As days dwindle, both campaigns claim an edge among voters

WASHINGTON — Top advisers to the major presidential candidates both predicted enormous voter turnout for the election Tuesday and, unsurprisingly, victory for their bosses. But Barack Obama’s campaign manager, David Plouffe, did so in more confident terms and with convincing support from opinion polls, saying, «We think we have a decisive edge right now.»

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With the candidates frenziedly crisscrossing key states from Florida to Nevada in the final two days of campaigning, Rick Davis, campaign manager for John McCain, said that his boss was closing strongly after trailing in national polls for weeks.
Keeping up a grueling pace, McCain planned campaign stops in three states Sunday and six on Monday.
«John McCain is increasing his margins in almost every state,» Davis told Fox News. «I think what we’re in for is a slam-bang finish. It’s going to be wild.»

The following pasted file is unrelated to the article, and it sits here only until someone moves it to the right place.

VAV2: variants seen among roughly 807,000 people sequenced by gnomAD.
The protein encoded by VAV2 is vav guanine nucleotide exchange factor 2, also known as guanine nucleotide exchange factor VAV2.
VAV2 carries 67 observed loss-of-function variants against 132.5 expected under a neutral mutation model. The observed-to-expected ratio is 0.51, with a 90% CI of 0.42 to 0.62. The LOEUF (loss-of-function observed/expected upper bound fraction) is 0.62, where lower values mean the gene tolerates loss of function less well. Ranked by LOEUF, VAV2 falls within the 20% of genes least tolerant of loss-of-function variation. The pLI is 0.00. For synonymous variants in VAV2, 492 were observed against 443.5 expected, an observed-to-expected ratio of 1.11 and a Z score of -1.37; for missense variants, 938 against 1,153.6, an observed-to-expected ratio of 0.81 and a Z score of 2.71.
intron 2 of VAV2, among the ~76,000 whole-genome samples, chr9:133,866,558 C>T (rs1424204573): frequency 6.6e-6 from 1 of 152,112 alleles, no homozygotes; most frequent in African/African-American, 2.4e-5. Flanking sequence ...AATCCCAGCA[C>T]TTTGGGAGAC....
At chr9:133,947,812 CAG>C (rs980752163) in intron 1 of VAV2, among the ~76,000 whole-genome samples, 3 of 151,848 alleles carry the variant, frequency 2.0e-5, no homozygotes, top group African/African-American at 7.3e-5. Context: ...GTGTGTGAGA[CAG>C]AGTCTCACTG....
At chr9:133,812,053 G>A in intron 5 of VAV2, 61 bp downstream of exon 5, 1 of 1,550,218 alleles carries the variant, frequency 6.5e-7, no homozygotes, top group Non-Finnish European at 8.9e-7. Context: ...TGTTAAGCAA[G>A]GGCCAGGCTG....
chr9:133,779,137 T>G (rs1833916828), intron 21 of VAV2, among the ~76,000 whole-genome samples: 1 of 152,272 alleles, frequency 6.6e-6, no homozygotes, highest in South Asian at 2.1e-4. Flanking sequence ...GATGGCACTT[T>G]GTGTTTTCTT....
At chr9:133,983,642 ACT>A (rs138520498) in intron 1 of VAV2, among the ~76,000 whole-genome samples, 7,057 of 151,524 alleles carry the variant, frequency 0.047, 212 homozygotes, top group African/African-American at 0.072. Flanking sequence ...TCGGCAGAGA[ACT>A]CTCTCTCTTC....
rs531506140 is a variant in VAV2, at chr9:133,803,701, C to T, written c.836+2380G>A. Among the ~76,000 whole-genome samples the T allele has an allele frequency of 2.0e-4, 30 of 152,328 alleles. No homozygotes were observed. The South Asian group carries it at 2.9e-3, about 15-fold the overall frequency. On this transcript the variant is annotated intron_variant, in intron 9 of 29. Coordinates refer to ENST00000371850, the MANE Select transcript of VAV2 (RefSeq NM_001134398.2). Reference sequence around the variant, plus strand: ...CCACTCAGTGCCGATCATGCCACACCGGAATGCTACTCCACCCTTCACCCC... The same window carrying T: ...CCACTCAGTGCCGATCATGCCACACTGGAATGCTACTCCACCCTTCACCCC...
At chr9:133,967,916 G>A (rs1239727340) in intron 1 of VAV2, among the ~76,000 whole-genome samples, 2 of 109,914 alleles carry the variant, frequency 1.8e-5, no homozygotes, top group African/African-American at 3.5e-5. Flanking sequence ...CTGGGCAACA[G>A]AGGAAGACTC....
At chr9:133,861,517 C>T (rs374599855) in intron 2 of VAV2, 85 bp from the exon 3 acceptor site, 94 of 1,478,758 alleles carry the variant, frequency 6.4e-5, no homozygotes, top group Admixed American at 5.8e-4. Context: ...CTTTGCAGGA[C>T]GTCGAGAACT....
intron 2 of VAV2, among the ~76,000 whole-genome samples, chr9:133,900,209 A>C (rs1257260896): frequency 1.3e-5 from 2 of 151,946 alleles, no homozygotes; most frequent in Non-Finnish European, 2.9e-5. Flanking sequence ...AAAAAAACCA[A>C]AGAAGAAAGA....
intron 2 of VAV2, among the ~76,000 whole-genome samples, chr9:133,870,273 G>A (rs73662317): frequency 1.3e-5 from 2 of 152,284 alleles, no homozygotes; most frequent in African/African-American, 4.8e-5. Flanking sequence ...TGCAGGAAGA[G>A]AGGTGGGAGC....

Both advisers looked worn. The campaigns were nearing the end of a road that began more than two years ago, passing through bruising dramas, facing constant second-guessing, producing national debates on race and gender, buffeted by financial crisis, facing the need for constant fund-raising – and then decisions on how to spend a total of about $1 billion.
The closing days brought minor surprises — the fact that one of Obama’s Kenyan aunts was living, apparently illegally, in Boston, and that Governor Sarah Palin, McCain’s running mate, had been taken in by a prank call from a comedian posing as President Nicolas Sarkozy of France — but no momentum-shifting «October Surprise.»